Happy Father's Day! I will admit it's more difficult for me to find gifts for my dad than it is for me to find something my mom would like. I usually default to coupons for foot rubs for my dad (he's never complained)... oh and chocolate, but that's a given for both my parents. Since I did a Daily Doodle about the history of Mother's Day, I knew I wanted to follow with a Father's Day post.
There is mention of a Southern European tradition dating back to 1508 which celebrates fathers. As for America, if wasn't until two years after Mother's Day was officially set in motion that dad's began to be recognized annually.
In 1909, Sonora Smart Dodd of Spokane, Washington, was inspired by Anna Jarvis (the woman who finally got Mother's Day to be a recognized holiday in the U.S.) and the idea of Mother’s Day. Dodd's father was a single parent who raised Sonora and her five brothers by himself, after his wife Ellen, died giving birth to their youngest child in 1898. William Jackson Smart, her father, was a farmer and Civil War veteran. While attending a Mother’s Day church service in 1909, Sonora, then 27, came up with the idea for Father's Day.
Within a few months, Sonora had convinced the Spokane Ministerial Association and the YMCA to set aside a Sunday in June to celebrate fathers. She proposed June 5, her father’s birthday, but the ministers chose the third Sunday in June so that they would have more time after Mother’s Day (the second Sunday in May) to prepare their sermons. So, the first annual Father's Day service in the U.S. was held on June 19, 1910, when Sonora delivered presents to handicapped fathers, boys from the YMCA decorated their lapels with fresh-cut roses (red for living fathers, white for the deceased), and the city’s ministers devoted their homilies to fatherhood.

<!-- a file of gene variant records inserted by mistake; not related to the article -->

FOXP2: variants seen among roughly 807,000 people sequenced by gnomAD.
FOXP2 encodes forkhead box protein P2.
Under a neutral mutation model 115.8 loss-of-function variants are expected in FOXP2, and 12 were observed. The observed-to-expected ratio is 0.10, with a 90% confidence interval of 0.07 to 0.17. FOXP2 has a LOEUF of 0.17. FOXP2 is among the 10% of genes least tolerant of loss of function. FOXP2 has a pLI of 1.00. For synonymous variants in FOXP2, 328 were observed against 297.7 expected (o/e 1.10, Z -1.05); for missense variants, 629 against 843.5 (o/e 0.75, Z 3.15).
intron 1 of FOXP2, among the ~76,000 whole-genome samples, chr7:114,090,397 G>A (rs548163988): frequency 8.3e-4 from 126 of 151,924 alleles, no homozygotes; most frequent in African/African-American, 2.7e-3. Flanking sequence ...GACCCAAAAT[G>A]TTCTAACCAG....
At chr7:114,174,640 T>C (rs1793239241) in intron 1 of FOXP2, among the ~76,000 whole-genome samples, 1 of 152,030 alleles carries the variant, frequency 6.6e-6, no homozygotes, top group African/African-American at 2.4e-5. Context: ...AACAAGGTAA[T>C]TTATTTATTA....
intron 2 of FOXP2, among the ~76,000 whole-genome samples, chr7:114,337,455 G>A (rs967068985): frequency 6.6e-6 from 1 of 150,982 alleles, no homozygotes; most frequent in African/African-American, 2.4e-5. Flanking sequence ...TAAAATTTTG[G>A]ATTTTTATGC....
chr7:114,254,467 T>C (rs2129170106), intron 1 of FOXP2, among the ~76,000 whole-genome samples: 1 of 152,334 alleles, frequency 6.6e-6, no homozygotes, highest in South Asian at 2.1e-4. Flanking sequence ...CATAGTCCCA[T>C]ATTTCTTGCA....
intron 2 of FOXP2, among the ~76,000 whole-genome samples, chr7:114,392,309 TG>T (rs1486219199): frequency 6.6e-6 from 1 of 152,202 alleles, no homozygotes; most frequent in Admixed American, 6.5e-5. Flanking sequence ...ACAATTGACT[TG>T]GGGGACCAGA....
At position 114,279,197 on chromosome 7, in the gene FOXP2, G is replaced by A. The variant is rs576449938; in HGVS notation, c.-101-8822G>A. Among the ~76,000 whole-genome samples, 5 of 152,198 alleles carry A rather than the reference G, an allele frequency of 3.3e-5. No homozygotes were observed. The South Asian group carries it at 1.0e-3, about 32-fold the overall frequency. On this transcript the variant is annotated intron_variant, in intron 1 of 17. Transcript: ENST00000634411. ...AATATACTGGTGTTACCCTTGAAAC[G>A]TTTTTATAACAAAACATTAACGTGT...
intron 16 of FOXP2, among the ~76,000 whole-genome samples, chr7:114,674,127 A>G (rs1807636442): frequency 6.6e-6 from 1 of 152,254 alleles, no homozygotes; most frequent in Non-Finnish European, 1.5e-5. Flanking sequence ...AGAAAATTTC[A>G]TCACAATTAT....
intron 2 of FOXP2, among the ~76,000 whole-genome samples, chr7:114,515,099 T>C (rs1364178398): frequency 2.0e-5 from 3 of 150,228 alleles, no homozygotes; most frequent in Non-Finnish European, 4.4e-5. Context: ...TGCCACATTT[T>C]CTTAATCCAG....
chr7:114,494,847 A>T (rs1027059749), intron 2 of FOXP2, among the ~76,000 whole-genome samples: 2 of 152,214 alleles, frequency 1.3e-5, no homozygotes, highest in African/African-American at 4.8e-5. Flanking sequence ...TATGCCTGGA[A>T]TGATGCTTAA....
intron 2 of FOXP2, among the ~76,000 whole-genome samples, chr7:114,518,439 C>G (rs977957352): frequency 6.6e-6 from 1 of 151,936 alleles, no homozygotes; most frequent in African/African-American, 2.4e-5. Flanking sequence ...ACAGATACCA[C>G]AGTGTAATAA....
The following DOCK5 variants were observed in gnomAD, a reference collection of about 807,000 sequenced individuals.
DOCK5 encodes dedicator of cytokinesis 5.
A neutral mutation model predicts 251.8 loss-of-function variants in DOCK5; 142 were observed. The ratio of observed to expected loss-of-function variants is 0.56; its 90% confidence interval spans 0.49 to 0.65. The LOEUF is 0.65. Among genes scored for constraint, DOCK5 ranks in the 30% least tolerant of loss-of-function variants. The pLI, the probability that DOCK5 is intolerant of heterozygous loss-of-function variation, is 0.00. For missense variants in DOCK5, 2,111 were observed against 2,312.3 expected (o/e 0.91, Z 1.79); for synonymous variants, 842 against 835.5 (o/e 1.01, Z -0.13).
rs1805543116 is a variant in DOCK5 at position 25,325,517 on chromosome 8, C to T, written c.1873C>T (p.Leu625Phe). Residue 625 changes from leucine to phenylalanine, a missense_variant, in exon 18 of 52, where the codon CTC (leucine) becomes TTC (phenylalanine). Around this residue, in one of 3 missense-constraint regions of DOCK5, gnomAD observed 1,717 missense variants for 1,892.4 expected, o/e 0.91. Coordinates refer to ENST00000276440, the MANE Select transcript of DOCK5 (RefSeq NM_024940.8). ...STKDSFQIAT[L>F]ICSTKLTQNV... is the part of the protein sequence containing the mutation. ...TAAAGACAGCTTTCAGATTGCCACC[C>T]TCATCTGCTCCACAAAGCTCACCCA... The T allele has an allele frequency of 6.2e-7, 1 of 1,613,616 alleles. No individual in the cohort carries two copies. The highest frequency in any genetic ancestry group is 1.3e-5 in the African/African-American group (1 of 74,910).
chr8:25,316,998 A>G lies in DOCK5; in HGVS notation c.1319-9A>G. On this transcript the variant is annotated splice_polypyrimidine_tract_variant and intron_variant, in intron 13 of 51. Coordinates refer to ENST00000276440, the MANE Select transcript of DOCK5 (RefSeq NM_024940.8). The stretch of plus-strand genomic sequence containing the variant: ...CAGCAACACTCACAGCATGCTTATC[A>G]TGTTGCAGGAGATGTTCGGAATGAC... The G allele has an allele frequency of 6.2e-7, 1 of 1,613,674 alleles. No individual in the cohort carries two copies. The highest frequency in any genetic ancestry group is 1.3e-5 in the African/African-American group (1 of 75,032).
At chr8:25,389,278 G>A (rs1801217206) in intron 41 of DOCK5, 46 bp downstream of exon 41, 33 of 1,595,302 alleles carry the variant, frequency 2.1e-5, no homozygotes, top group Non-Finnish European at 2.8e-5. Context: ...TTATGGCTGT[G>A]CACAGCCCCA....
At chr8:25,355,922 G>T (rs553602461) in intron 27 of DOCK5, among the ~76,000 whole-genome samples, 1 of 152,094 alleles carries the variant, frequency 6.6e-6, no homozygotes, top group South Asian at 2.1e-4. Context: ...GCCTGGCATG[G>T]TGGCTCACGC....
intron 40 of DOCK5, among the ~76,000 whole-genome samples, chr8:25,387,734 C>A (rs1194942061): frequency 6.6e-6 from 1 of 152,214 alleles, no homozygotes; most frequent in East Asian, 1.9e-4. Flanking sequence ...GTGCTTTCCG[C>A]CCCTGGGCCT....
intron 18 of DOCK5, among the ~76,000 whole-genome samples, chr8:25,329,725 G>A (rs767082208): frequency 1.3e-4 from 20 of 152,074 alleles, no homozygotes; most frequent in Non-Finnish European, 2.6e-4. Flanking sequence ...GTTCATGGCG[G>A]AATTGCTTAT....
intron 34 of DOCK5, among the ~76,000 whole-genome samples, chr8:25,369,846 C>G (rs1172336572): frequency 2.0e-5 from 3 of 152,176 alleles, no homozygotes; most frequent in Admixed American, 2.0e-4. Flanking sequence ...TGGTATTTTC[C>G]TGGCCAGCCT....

It should be noted a Father's Day Service was held previously, but not as an annual event. The first known Father’s Day service in the U.S. occurred in Fairmont, West Virginia, on July 5, 1908, after hundreds of men died in the worst mining accident in U.S. history. Grace Golden Clayton, the daughter of a dedicated reverend, proposed a service to honor all fathers, especially those who had died. The event was a local one, and wasn't intended to extend into following years.
The widely publicized events in Spokane struck a chord that reached all the way to Washington, D.C., and Sonora’s celebration started its slow path to becoming a national holiday. The holiday did not catch on right away, perhaps due to the parallels with Mother’s Day. Though that doesn't mean it wasn't widely observed.
President Woodrow Wilson signed a proclamation making Mother's Day a holiday, and two years later in 1916, he and his family personally observed Father's Day. Eight years later, President Calvin Coolidge signed a resolution in favor of Father’s Day “to establish more intimate relations between fathers and their children and to impress upon fathers the full measure of their obligations.” In 1966, President Lyndon Johnson signed an executive order that the holiday be celebrated on the third Sunday in June. Finally, under President Richard Nixon, in 1972, Congress passed an act officially making Father’s Day a national holiday... Sonora was 90 at the time and alive to see her efforts had paid off.